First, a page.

Tuesday, May 17, 2016

Texture influence on soil phosphorus content and distribution in semiarid Pampean grasslands

Suñer L., J.A. Galantini. 2015. Texture influence on soil phosphorus content and distribution in semiarid Pampean grasslands. InternationalJournal of Plant & Soil Science (ISSN: 2320-7035) Vol.: 7, Issue.: 2 109-120, no.IJPSS.2015.136, PDF

Extended Abstract
Soil texture affects the soil environment and the mineralization of soil organic matter (SOM) in several ways. It has been reported that a rich clay content in the topsoil results in high levels of soil organic matter; at the same time, it enhances nitrogen, phosphorus and sulphur availability (Galantini et al., 2004; Duval et al., 2016). Soil P (phosphorus) equilibrium and availability can be modified by soil texture as a consequence of changes in physicochemical properties, in phosphate adsorption-desorption-diffusion processes, and in SOM mineralization-immobilization processes.
Physical fractionation methods based on SOM particle size have been developed to separate organic fractions with different characteristics and dynamics (Andriulo et al., 1990; Galantini et al., 1997). It is therefore now possible to distinguish between SOM associated with the fine and with the coarse fractions, which have different structures and roles. The fine soil fraction (clay, silt) corresponds to a more humidified or mineral-associated organic matter (MOM), and the coarse fraction (different sizes of sand) to less transformed, labile, light or particulate organic matter (POM). Considering that both fractions are crucial to soil fertility, it is important to determine the organic (Po) and inorganic (Pi) phosphorus contents in each size fraction and to relate them to soil texture. Differences in P content are expected to be found in both particle size fractions: the fine fraction is likely to contain the more stable Po (Po-MOM) and the more available Pi (Pi-clay and silt sizes); the coarse fraction, instead, is assumed to contain the more labile Po (Po-POM) and Pi (Pi-sand size) with low availability in the short term.
The hypothesis is that soil texture affects the equilibrium of the different P-forms in soils of the semiarid Pampas region, mainly through stabilization in the resistant organic forms of fine-textured soils and accumulation in the labile organic forms of sandy soils. The aim of the study is to determine the content and distribution of the main P-forms in texturally different soils and to relate them to the available P-index.
Soil samples (0-0.15 m) were collected from 27 sites with different textures in a 25-year-old pasture located in the Experimental Station of Bordenave, Argentina (63°01’20”W; 37°51’55”S). Soil particle size fractions were obtained through wet sieving by separating the fine (0-100 µm) and coarse (100-2000 µm) fractions. Soil organic matter was determined in both fractions, and thus mineral-associated (MOM) and particulate organic matter (POM) were obtained, respectively. Extractable (Pe), organic (Po), inorganic (Pi) and total extractable (Pt) phosphorus were determined. Occluded P (Pocl) was calculated as the difference of [Pt - (Po+Pi)] applied to the whole soil and the particle fractions.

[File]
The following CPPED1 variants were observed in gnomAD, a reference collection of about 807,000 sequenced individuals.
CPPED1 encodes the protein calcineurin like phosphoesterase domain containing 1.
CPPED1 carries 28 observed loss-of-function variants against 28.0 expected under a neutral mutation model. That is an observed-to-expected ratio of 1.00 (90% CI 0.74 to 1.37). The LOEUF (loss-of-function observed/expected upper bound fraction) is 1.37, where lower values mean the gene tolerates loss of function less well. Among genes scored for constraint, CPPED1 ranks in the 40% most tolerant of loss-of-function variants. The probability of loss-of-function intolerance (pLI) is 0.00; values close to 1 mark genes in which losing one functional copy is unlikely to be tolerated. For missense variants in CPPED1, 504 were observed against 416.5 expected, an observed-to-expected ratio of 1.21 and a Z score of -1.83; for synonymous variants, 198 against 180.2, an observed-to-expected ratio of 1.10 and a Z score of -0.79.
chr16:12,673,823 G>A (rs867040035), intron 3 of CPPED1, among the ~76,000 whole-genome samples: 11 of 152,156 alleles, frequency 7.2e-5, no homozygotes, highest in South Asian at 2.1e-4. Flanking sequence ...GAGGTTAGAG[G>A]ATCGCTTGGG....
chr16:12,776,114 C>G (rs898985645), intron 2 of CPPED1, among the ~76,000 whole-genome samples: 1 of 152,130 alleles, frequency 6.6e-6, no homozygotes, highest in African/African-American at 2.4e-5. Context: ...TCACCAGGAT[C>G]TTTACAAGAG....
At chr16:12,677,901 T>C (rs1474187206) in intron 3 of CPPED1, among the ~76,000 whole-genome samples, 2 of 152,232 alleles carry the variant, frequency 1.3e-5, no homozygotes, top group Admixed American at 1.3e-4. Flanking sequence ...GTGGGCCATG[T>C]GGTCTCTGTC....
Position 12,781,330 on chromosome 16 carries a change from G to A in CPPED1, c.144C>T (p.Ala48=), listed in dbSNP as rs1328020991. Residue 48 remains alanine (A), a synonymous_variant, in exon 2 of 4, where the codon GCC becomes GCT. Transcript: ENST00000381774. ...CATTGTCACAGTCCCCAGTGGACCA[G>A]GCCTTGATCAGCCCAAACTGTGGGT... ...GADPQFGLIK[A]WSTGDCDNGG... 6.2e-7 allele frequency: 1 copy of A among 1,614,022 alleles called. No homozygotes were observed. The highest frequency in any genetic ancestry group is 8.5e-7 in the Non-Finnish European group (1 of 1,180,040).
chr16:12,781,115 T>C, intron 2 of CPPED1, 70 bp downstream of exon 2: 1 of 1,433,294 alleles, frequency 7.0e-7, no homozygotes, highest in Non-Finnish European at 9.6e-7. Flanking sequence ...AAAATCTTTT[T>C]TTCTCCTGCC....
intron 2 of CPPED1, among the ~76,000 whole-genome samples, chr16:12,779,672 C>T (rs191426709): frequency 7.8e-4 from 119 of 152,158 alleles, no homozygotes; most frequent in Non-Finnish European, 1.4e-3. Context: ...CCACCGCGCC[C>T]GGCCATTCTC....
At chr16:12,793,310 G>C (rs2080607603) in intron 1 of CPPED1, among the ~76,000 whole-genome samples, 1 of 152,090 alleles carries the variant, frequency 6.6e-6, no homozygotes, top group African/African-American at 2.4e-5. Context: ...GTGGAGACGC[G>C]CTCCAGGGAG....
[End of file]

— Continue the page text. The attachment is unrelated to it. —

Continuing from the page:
In these soils, texture determines P content and the equilibrium of its different forms. Available P-forms (estimated by Pe) were related to the inorganic form present in the fine fraction of the soil. Phosphorus content in its different forms was closely associated with soil fractions. The level of Po was higher in the coarse fraction of the soils containing more fine fractions. All the studied P-forms were higher in fine-textured soils than in coarse ones. However, P-forms in particle size fractions showed different tendencies. In coarse-textured soils, Po in MOM was lower than in fine-textured ones, whereas P-content was higher in MOM and lower in POM compared with fine-textured soils (Rosell et al., 2000).
Based on these results as well as previous ones, we propose a conceptual model to identify P changes in soils of different textures (Galantini et al.2005, 2007; Rosell et al., 2000; Suñer & Galantini, 2012; Suñer et al., 1998, 2002, 2013, 2014; Zalba & Galantini, 2007).
Soil organic fractions and their P-content within the sand fraction are inside the labile pool, whereas those within the silt and clay fractions are inside the intermediate and passive pools. Inorganic minerals of the coarse fraction can be considered a passive pool of P, while P in the fine fraction represents an active pool. According to this finding, a conceptual model can be proposed where P could be linked to SOM fractionation schemes. The principal flows in this model are a) weathering and physico-chemical processes, which reduce the size of coarse minerals until mineral particles reach a size below 50 µm and are then included in the fine fraction; b) humification, by which organic inputs are transformed into more complex molecules with a lower size; c) mineralization of SOM fractions, which produce nutrient release and make P available for plants; d) physico-chemical equilibrium, e) P-uptake by plants; f) recycled P, by which crop residue returned to the soil can improve Po by a POM increase.
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